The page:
“this guy was my junior in Primary school, in fact, he was two years behind me; even though he was older than me, but he had become a graduate. He told me in public that I should not argue with him because I was only a WASC holder. Can you imagine that? That was when I told myself that I must go back to school, to acquire that University education for which I was insulted. I personally like challenges and this was just enough challenge to make me abandon my business in the north to return to Nsukka. Like I said, I like challenges because when someone delivers a punch on you, the person’s armpit is open and you can always land a shock on the person’s open armpit, although, it depends on how you position yourself and are able to land a cut on the person’s open armpit. I was a boxer in my secondary school days and I know how to give a good punch. I am always guided by this belief in confronting challenges on my way. I got admission to do a diploma program at UNN between 1993 and 1996 and later, a degree program from1996 to 1999. I graduated with a second class upper in Social works and Community development”
When he started his lectures as a student, he discovered he had plenty of idle time. To fill that space, he went back to Kano and withdrew that N260, 000 in his account and used it to purchase two buses. He gave one out to another driver and managed one himself. He used the bus to convey passengers after lectures on week days and full time one Saturdays “my going into transport business was like a film. At a time, I was only doing it to support myself in school. but before I knew it, I had moved from the initial 2 buses to 8. I went into a contract with Nsukka LGA to use their name. my company then was called Nsukka Mass Transit. The number of buses continued to grow that when I was graduating in 1999, I had up to 45 buses.“I fell out with the local Government because they violated our agreement by allowing another operator to use a similar name as mine. The new person called his Nsukka Urban Mass Transit. I had to change my name to Peace Mass Transit. I applied for a private park and it was granted. So, I owned the first mini-bus private park in Nsukka, Enugu, Onitsha, Aba, Abakaliki, Owerri, Njuba Abuja. Then, it was almost impossible, but God was with me.”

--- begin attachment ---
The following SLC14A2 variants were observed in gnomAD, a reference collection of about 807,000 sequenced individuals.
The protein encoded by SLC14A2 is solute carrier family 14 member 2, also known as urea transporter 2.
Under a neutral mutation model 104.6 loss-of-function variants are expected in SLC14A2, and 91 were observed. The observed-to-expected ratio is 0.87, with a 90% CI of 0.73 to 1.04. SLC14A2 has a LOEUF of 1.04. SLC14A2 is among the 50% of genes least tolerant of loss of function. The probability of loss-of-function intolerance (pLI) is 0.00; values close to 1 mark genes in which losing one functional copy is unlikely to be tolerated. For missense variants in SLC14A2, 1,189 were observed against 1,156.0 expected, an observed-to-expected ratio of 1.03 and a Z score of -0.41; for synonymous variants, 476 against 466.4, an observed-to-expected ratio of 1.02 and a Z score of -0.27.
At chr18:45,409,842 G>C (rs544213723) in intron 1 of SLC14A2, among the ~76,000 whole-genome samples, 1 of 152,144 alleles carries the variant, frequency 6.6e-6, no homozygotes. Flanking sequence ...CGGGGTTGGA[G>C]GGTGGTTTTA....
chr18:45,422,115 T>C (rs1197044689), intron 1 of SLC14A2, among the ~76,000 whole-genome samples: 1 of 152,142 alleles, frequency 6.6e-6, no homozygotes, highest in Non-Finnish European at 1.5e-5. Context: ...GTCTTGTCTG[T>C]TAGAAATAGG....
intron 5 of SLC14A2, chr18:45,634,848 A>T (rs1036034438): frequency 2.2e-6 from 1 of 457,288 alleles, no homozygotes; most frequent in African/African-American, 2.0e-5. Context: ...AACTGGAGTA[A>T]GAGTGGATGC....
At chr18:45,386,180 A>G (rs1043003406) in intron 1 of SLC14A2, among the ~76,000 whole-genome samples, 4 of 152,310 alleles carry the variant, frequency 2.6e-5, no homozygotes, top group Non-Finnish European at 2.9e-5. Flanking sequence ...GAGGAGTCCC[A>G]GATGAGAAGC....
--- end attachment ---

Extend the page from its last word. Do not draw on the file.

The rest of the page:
Peace mass Transit (PMT) from that humble beginning has today, blossomed into not only the foremost road transport business in Nigeria with over 3000 buses, but also the fastest growing Mass Transit business in West Africa. It has grown into what is known as the Peace Group of Companies, comprising among others, Peace quick response Insurance brokers; Peace Petroleum Limited; Peace Micro-finance bank; Peace express service ltd; Peace Capital Market ltd (Stock Brokers); Dealers and Investment Advisers; Maduka Commercial and Futon International Ltd, the sole importers of Peace Hiace Brand of vehicles; Peace Bureau de Change; Peace Aviation Services, PMT Beijing Trade ltd. China.
“One important lesson I want the young generation to learn is that there is nothing like carry-over in success. Success does not necessarily come from one’s background. My father is rich and therefore the richness will come to me or that my mother is very poor and therefore I will be poor, no way, I do not believe in that. Any body can be successful; there is no hindrance from being successful in life.” “I also want the young generation to know that God gives money, through hard work and dedication to duty”Chief Onyishi reveals that God talks to him in dreams and directs him on whatever he wants to do. “God revealed to me in a dream when I wanted to venture into the big buses that I shouldn’t, that He wants me to concentrate on the small buses.” The directive from God was very instructive because after about 12 years in the business, all the big bus operators left the big buses and came down to the small buses and it’s like every transporter is now doing the small bus business.
One another important lesson of Chief Onyishi is Honesty in Business. He recalled that when he was in Kano, that there was on Alhaji Lawal Kurfi who used to give them goods on credit to go and sell in Lagos. He said, while other people will sell and invest the money and pay instalmentally, he will sell and bring the whole money back to Alhaji and this has made the Alhaji to trust him which aided rapid growth in business, because the alhaji introduced him to more suppliers because of his honesty.
The story of Samuel Maduka Onyishi is the story of an African child who will not allow his background to determine his destiny. It is the story of the dogged spirit of the African child. It is a story that proves and again that with determination, integrity and hard work, one can rise from the smallest of beginnings to the highest aspirations.
It is a story that illustrates that Success is within the grasp of each and every one of us, and that no external condition has the power to stop us from achieving our dreams if we are determined to do so.
These are the qualities we teach young entrepreneurs today, Because we know that is easier to fall back on blaming the government and fruitless agitation once we loose focus on what we can achieve on our own, if we make the effort.